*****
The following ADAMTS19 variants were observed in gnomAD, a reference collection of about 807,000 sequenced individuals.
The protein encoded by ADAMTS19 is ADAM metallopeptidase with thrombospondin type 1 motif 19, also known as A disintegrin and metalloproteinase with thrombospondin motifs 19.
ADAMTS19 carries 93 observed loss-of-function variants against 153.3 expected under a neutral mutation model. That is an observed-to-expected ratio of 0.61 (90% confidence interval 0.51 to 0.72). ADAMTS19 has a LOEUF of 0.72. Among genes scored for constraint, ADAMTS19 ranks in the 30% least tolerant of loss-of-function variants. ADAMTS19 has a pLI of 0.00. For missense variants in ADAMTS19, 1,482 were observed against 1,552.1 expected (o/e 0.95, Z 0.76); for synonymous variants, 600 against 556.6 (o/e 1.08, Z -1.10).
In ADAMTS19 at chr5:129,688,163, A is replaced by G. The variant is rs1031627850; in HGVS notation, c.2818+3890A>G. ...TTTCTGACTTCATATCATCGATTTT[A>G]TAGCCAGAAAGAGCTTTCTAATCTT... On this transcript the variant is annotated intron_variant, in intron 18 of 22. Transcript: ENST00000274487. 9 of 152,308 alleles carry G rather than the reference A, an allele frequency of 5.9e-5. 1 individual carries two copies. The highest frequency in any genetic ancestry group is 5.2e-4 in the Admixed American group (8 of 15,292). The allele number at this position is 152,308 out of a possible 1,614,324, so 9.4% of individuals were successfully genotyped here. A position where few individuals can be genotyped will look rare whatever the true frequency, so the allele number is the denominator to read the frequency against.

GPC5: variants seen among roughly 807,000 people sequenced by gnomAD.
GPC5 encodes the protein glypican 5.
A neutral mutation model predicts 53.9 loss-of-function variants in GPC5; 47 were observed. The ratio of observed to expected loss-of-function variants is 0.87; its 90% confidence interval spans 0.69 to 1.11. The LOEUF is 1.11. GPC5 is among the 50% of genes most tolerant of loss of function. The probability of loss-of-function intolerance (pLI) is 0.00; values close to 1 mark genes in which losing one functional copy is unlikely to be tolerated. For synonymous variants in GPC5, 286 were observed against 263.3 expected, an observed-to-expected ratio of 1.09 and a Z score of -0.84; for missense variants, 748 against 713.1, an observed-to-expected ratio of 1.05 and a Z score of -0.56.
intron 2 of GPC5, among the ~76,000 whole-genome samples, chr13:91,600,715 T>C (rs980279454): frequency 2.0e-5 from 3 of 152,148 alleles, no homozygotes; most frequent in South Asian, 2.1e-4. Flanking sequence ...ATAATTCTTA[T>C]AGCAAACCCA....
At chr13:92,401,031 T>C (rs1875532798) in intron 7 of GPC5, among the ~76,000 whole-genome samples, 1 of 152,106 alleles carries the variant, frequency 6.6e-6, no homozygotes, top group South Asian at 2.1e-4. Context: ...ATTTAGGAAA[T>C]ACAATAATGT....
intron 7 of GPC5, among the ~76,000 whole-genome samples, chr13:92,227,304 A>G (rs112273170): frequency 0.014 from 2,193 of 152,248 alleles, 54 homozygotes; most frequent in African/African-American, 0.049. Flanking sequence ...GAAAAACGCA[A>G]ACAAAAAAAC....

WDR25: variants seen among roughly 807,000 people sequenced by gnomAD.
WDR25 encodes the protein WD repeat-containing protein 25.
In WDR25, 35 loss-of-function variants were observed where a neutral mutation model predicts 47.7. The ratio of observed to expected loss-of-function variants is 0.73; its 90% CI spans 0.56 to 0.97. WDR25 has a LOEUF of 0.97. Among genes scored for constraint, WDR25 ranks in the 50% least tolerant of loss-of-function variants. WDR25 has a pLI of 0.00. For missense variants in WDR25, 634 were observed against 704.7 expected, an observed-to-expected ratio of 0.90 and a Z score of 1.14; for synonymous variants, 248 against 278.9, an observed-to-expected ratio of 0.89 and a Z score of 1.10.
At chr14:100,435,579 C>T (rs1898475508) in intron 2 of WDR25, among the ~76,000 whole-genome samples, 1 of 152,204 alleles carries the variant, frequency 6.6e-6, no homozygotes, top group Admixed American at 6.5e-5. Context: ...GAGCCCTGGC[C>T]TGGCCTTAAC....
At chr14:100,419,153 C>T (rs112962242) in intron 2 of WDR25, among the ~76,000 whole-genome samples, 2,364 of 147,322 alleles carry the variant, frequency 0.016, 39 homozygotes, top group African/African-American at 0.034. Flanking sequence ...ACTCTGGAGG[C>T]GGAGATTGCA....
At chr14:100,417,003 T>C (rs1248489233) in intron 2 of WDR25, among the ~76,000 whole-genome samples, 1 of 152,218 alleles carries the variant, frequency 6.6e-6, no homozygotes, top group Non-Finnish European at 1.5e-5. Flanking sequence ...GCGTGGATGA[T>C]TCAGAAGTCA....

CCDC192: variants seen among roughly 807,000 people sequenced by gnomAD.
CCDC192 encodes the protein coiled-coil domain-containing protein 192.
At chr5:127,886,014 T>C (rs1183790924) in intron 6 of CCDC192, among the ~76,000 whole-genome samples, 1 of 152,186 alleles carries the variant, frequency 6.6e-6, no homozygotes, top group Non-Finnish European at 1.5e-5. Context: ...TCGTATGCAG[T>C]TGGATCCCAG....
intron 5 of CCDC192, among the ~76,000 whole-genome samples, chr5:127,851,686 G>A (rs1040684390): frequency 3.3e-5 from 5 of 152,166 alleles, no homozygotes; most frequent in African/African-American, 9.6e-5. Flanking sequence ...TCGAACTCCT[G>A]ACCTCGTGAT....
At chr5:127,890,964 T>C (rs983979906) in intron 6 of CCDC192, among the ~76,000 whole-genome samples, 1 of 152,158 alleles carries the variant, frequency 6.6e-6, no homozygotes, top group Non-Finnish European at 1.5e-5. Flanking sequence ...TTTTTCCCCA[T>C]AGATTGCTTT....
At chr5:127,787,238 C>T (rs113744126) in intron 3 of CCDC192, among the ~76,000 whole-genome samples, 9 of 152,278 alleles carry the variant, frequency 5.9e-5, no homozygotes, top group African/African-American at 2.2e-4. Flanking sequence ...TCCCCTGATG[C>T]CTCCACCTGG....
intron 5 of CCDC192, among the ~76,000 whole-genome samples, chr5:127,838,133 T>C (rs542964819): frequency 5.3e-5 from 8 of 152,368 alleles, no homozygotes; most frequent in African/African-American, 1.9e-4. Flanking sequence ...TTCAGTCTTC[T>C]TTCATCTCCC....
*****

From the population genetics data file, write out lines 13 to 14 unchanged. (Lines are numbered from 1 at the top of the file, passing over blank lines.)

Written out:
In WDR25, 35 loss-of-function variants were observed where a neutral mutation model predicts 47.7. The ratio of observed to expected loss-of-function variants is 0.73; its 90% CI spans 0.56 to 0.97. WDR25 has a LOEUF of 0.97. Among genes scored for constraint, WDR25 ranks in the 50% least tolerant of loss-of-function variants. WDR25 has a pLI of 0.00. For missense variants in WDR25, 634 were observed against 704.7 expected, an observed-to-expected ratio of 0.90 and a Z score of 1.14; for synonymous variants, 248 against 278.9, an observed-to-expected ratio of 0.89 and a Z score of 1.10.
At chr14:100,435,579 C>T (rs1898475508) in intron 2 of WDR25, among the ~76,000 whole-genome samples, 1 of 152,204 alleles carries the variant, frequency 6.6e-6, no homozygotes, top group Admixed American at 6.5e-5. Context: ...GAGCCCTGGC[C>T]TGGCCTTAAC....